# Math on Display

One day, architect Paul Stacy sat down with a pile of diamond-shaped tiles, determined to create a visual masterpiece. Called Penrose tiles, these shapes come in two sizes and two colors, but there’s more to these tiles than meets the eye.

Turns out these simple diamond shapes have been the subject of mathematical theories for ages. If these tiles are assembled according to certain rules, they form a pattern that never repeats, no matter how far it’s extended. These patterns also have five-fold rotational symmetry, so the whole pattern can be turned 72 degrees and still look the same. Stacy used these tiles and their inherent mathematical properties to create a painting that was displayed at the Joint Mathematics Meetings in Washington, D.C.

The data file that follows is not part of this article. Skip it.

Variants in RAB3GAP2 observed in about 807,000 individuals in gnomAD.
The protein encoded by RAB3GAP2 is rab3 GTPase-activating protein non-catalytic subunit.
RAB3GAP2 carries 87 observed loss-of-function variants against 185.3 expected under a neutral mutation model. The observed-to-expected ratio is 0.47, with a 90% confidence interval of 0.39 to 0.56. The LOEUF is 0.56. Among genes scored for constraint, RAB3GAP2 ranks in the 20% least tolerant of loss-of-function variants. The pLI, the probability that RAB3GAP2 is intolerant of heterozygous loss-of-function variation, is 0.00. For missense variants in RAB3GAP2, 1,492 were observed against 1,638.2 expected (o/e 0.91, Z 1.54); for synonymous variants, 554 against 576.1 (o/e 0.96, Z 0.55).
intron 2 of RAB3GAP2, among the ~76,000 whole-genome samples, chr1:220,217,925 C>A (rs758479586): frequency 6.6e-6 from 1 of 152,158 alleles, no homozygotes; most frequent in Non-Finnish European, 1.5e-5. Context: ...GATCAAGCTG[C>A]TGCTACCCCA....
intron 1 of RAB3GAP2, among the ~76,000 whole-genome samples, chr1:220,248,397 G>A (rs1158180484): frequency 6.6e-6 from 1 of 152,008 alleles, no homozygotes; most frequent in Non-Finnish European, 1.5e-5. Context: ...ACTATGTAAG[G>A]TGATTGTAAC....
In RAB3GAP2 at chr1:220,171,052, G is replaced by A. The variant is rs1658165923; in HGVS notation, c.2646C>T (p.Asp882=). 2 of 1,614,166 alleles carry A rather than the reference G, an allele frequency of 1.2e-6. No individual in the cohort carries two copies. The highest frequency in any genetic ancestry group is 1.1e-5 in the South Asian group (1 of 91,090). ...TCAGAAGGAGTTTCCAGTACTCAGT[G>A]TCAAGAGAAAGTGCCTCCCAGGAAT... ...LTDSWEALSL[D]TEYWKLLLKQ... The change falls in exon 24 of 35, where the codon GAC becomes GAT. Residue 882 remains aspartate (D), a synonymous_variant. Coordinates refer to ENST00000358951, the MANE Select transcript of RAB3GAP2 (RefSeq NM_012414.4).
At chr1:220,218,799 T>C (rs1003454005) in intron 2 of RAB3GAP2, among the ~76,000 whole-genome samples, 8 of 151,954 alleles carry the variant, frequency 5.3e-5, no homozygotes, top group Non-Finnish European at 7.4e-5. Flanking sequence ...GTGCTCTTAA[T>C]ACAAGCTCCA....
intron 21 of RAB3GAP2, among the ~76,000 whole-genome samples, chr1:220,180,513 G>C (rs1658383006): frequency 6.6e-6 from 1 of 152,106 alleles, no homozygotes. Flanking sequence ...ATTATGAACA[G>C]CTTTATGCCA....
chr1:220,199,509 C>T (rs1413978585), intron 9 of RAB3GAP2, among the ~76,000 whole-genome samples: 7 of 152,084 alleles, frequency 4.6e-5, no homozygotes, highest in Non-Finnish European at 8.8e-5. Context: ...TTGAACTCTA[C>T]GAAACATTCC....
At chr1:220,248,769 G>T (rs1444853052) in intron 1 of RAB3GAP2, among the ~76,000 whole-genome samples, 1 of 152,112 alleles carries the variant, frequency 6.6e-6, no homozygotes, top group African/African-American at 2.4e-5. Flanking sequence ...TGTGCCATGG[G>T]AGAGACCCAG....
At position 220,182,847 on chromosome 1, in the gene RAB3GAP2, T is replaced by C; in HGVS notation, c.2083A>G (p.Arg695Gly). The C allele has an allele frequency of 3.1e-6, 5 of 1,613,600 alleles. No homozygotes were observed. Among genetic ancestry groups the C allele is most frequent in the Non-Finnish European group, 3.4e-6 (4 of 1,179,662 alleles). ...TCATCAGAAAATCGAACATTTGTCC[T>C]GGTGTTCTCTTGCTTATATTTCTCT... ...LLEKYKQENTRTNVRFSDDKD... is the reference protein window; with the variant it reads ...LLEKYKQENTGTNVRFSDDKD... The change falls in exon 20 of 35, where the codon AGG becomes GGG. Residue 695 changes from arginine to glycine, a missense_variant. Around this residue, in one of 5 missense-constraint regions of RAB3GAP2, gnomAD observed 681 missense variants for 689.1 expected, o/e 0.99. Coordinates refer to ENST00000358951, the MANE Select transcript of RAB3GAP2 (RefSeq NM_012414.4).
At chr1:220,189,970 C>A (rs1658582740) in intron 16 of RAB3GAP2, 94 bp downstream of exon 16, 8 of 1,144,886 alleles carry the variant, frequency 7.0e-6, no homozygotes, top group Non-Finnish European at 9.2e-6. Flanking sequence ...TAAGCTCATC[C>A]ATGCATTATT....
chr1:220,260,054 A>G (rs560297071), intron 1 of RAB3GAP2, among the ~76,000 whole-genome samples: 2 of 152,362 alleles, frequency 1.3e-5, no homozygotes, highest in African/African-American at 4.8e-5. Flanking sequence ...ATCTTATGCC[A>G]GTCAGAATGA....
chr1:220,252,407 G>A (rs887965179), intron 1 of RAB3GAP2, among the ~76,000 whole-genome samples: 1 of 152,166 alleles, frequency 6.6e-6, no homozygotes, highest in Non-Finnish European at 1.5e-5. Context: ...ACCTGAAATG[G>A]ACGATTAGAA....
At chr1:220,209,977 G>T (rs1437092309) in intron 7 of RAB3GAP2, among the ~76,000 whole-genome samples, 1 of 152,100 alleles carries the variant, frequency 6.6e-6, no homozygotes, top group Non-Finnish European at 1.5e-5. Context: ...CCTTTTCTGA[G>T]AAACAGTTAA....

Click here to see Stacy's finished painting and to see more artwork displayed at the Joint Mathematics Meeting, including a painting based on Monge’s theorem and a sculpture inspired by a knot dipped in soapy water.

The most common question students ask math teachers at every level is “When will I use math?” WeUseMath.org is a non-profit website that helps to answer this question. This website describes the importance of mathematics and many rewarding career opportunities available to students who study mathematics.

Actuary
\$160,000/yr
\$126,000/yr
Physician
\$187,199/yr
Cryptanalyst
\$137,780/yr
Attorney
\$187,199/yr
\$119,950/yr
\$147,670/yr
\$153,120/yr
\$105,610/yr
\$105,581/yr

Figures represent salary potential.

20
May

Dr. Cary Oberije, a postdoctoral researcher in The Netherlands, has found that mathematical models can be used to accurately predict patients' responses to treatment. Prediction models were used to analyze lung cancer patients' likelihood of survival and...